WhatsApp for Business – Does The Messenger Work As A Marketing Channel?

Rebekka Riek

What started as a mobile application for status updates about eight years ago quickly became the world's most used instant messaging service. Today, WhatsApp has a billion users who use the messenger to send text messages, images, videos, voice messages, but also to make phone calls and video calls.

But that's not all, as it seems that WhatsApp is in the middle of an upheaval or rather on the way to more interactivity and business suitability.

WhatsApp copies Instagram’s Snapchat copy

A few months ago WhatsApp has greatly expanded the possibilities for image processing on the messenger. This included the introduction of colors, shapes, smileys and other gimmicks, just as they are known from Snapchat and Instagram. Recently, WhatsApp has introduced another novelty: the story feature, also widely known from the competing apps. WhatsApp can now also display the status in form of an image series, which automatically disappears after 24 hours.

While these possibilities are constantly increasing the entertaining factor for the private user, WhatsApp now appears to be more attractive for businesses as well.

Is WhatsApp becoming more interesting for marketers?

Many companies are using WhatsApp for customer engagement. We have already talked about what dialogue marketing via messenger can look like and presented some examples. However, the communication is partially not fully developed yet and success measurement in the Dark Social only works with a lot of effort or with the help of external service providers.

WhatsApp marketing by third-party providers is, however, associated with additional costs, which may not be low depending on the desired interaction scope and target group size. In addition, there have often been problems in the past due to suspicions of the spreading of spam content, whereupon phone numbers were temporarily blocked by WhatsApp. Thus companies were no longer able to access distribution lists, for example for sending newsletters. Spam remains a serious problem even within a business solution, but this could be limited by paid usage.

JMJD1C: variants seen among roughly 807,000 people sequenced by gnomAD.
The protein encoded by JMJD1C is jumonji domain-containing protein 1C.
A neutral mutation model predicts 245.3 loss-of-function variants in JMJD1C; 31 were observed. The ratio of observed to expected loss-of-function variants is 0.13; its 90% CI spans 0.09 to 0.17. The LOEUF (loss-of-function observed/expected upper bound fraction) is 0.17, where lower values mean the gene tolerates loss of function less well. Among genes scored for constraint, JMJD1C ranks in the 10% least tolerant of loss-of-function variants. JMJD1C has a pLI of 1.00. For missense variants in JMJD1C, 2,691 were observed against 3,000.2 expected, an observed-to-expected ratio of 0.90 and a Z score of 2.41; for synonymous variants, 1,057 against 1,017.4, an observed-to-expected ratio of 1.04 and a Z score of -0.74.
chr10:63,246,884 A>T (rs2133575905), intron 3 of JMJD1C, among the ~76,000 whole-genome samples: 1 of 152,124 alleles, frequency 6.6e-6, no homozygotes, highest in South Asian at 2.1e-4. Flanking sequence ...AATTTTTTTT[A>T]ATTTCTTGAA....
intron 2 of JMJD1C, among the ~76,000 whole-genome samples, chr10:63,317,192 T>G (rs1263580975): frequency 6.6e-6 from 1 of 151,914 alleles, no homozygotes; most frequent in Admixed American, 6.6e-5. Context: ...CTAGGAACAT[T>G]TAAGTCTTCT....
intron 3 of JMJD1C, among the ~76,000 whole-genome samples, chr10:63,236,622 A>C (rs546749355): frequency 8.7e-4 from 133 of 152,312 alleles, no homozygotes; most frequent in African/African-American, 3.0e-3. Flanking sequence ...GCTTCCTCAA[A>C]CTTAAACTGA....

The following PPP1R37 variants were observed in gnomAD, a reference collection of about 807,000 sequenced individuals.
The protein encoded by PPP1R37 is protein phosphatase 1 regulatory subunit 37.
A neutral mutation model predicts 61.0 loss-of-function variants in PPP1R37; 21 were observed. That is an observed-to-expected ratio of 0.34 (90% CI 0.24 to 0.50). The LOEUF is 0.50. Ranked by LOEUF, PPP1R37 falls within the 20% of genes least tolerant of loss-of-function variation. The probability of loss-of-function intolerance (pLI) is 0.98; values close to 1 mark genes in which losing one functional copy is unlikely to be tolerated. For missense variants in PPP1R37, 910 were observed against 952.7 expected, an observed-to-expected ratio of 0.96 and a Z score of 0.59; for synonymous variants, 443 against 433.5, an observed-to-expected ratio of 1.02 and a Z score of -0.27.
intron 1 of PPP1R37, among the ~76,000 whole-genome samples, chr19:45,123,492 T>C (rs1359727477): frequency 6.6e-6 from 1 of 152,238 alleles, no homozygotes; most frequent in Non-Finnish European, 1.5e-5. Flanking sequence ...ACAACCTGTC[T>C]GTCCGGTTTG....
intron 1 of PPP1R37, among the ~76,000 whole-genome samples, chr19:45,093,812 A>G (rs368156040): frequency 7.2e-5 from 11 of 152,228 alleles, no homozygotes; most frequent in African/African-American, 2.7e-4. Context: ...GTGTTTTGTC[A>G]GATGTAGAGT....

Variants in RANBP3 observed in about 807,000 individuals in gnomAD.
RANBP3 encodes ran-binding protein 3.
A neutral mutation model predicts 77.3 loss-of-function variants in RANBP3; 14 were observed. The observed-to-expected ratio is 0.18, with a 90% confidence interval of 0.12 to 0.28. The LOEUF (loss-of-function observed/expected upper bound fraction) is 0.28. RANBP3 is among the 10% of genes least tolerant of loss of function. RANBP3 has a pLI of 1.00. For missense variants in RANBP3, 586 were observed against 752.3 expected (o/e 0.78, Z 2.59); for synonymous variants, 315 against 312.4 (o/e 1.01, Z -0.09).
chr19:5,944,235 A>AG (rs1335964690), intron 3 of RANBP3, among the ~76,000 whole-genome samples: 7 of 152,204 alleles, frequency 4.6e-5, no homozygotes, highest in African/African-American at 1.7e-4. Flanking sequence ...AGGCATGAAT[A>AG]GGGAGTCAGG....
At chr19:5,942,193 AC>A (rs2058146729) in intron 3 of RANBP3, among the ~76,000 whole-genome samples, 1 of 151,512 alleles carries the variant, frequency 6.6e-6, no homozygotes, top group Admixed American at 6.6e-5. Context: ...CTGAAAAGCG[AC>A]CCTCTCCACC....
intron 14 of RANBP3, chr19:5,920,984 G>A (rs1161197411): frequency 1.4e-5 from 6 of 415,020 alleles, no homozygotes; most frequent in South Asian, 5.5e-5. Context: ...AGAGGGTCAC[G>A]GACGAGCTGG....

WhatsApp is suitable as a marketing channel for various industries. The messenger is particularly interesting for companies that want to spread news on a regular basis, for example through newsletters, or that are already doing so, such as BILD or n-tv. From publishers to TV stations, recruiters or even election campaign offices: WhatsApp marketing has the most diverse senders and recipients. The German women's magazine Brigitte, for example, links current articles via regular messages, Ran, a German brand for sports broadcasts, provides sports updates and the most known German youth magazine BRAVO informs the younger target group about happenings in the celebrity and teen world. In addition to being used as an information tool, e. g. through push messages, WhatsApp can, of course, also be used as a service channel, which customers can use to get in touch with the company on a "1-to-1" basis.

WhatsApp contacts are extremely valuable to companies. Not only because the user decides (at least currently still) to actively make contact by taking several steps, but also because the opening rate of messages is almost 100 percent, mainly due to the still predominantly private use and push notifications. For other media, such as e-mails, this is practically unimaginable. It is still unclear, however, to which extent users, who have used the channel primarily privately until now, accept the offer and the associated frequent push messages.

What exactly a business solution for WhatsApp can look like is yet unknown. Reuters reports that the first tests are currently being carried out - including for a company producing cattle collars, which enable farmers to locate the animals via WhatsApp.

Others see WhatsApp more as an internal communication tool, since the business solution is not yet perfected. It is certain, however, that it can bring many advantages for companies when the features are being used to an appropriate extent. We will have to wait and see what this solution will look like specifically and, of course, also how a possible implementation will be received by the majority of users that has thus far primarily used WhatsApp for private contacts. 

Reuters.com - WhatsApp tests business chat tools in search for revenue
Telegraph UK - How WhatsApp could make money – but users might not like it

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Rebekka Riek

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Rebekka Riek works for Cocomore as a social media & digital marketing consultant since 2015. As such she is always up to date when it comes to trends like snapchat and other social media platforms. Before her time with Cocomore she took care of the online marketing for a nature conservation organization in Mexico. With Cocomore Rebekka especially appreciates the diverse tasks and the nice colleagues.

Three words that describe Rebekka best: globetrotter, adventurous and Cookie baker.